It is generally accepted that electronic and magnetic phase separation is the origin of many of exotic properties of strongly correlated electron materials, such as colossal magnetoresistance (CMR), an unusually large variation in the electrical resistivity under applied magnetic field. In the simplest picture, the two competing phases are those associated with the material state on either side of the phase transition. Those phases would be paramagnetic insulator and ferromagnetic metal for the CMR effect in doped manganites. It has been speculated that a critical component of the CMR phenomenon is nanoclusters with quite different properties than either of the terminal phases during the transition. However, the role of these nanoclusters in the CMR effect remains elusive because the physical properties of the nanoclusters are hard to measure when embedded in bulk materials. Here we show the unexpected behavior of the nanoclusters in the CMR compound La 1-xCa xMnO 3 (0.4 ≤ × < 0.5) by directly correlating transmission electron microscopy observations with bulk measurements. The structurally modified nanoclusters at the CMR temperature were found to be ferromagnetic and exhibit much higher electrical conductivity than previously proposed. Only at temperatures much below the CMR transition, the nanoclusters are antiferromagnetic and insulating. These findings substantially alter the current understanding of these nanoclusters on the material's functionality and would shed light on the microscopic study on the competing spin-lattice-charge orders in strongly correlated systems.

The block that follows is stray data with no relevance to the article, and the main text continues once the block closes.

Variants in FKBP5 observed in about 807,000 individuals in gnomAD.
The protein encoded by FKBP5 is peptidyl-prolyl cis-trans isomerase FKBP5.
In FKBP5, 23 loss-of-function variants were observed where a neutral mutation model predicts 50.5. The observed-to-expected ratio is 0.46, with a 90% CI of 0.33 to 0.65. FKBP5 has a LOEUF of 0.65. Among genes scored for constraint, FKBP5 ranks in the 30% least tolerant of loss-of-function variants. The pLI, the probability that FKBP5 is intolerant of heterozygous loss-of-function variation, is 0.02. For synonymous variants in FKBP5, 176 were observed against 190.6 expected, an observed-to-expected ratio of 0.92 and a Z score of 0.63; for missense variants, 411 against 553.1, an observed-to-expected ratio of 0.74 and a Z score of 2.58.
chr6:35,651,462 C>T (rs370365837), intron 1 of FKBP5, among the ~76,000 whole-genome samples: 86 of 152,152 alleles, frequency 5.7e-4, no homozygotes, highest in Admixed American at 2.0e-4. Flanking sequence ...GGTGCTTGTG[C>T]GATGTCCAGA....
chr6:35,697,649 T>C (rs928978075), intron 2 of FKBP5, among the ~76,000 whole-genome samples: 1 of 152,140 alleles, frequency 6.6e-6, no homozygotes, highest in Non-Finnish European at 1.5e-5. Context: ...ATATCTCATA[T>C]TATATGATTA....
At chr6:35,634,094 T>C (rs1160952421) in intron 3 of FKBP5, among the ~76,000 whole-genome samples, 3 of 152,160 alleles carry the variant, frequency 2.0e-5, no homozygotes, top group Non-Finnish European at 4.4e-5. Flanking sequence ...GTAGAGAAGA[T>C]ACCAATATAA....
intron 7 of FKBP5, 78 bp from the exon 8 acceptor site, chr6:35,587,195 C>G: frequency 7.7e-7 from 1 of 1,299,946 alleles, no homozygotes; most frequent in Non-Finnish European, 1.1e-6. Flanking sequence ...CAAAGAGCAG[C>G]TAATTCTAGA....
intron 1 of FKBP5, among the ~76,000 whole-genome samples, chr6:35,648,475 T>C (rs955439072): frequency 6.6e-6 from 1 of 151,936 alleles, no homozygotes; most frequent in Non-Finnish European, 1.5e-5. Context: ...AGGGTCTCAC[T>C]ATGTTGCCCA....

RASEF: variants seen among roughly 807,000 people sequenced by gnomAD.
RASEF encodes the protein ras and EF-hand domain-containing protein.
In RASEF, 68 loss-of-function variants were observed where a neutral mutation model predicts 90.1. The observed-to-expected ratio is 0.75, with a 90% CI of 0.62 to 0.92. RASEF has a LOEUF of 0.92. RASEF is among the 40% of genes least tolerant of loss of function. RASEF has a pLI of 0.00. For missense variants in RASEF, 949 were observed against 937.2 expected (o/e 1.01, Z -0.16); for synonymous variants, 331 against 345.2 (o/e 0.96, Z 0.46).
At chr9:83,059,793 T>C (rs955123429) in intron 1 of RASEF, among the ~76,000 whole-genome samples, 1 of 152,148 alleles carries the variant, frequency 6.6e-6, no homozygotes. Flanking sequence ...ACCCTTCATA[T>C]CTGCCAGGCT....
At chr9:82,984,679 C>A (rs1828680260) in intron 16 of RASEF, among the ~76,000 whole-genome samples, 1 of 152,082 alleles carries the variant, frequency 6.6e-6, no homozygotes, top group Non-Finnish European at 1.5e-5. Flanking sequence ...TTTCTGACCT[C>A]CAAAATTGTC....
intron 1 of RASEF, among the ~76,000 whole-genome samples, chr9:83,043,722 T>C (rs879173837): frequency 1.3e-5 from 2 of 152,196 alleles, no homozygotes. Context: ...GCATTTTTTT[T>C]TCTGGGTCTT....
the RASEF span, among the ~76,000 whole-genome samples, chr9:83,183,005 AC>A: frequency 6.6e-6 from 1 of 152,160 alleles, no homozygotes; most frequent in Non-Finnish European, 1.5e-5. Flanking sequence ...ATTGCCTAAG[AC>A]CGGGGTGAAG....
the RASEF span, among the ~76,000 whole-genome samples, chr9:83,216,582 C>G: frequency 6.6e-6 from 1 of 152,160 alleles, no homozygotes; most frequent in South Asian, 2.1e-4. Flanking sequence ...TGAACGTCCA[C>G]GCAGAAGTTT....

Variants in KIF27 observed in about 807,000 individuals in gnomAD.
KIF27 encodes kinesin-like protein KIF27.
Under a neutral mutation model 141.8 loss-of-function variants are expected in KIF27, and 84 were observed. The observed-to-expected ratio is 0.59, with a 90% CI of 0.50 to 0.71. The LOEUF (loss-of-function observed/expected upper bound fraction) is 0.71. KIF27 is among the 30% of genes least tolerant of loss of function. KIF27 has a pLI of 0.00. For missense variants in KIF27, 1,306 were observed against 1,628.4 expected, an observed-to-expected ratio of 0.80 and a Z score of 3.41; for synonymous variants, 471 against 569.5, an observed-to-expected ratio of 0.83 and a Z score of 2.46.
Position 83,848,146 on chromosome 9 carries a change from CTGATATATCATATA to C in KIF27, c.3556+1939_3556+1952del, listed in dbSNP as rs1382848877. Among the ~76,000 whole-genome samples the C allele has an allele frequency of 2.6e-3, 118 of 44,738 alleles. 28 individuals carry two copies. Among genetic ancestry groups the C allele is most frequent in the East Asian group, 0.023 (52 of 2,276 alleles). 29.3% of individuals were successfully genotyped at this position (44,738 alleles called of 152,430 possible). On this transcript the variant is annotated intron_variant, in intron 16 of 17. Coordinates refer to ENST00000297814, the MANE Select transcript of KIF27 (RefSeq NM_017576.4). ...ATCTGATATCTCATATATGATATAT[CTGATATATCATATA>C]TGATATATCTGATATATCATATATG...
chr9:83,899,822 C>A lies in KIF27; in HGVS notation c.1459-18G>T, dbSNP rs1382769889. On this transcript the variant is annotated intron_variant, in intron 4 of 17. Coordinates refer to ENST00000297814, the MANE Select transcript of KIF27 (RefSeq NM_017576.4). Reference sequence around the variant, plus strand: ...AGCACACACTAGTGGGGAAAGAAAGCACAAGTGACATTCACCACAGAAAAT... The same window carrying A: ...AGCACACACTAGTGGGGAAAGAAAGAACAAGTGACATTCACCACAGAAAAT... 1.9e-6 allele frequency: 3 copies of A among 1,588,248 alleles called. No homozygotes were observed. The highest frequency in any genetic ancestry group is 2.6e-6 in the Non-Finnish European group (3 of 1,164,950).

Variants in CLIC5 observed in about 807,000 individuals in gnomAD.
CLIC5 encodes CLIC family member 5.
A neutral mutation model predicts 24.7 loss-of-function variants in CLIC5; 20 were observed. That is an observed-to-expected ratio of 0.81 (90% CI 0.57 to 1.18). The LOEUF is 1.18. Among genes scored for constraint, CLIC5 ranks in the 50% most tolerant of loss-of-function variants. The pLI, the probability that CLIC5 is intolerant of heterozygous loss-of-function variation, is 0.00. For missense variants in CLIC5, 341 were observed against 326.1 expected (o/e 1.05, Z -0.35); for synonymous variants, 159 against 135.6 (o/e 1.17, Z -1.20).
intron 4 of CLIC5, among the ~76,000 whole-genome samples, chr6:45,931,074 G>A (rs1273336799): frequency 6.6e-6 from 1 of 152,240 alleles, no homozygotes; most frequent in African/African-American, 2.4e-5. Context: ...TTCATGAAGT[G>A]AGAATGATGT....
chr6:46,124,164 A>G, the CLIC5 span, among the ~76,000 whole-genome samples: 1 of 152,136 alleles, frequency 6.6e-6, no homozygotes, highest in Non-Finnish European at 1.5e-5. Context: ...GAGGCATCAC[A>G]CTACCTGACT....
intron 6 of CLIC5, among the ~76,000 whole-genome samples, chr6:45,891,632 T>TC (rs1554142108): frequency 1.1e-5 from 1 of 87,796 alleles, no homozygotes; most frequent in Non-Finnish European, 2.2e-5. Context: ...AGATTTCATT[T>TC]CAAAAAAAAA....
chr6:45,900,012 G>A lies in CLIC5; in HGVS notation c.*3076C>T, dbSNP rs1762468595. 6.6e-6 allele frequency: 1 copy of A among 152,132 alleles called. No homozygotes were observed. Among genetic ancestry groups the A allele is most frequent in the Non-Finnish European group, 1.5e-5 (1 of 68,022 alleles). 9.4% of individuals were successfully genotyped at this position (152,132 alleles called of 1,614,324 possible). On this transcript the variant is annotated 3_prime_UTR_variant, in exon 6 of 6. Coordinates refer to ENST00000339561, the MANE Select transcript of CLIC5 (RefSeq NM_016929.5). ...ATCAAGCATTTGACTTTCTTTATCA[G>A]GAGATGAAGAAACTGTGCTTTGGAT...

|Número de páginas
|Proceedings of the National Academy of Sciences of the United States of America
|Publicada - 27 dic. 2011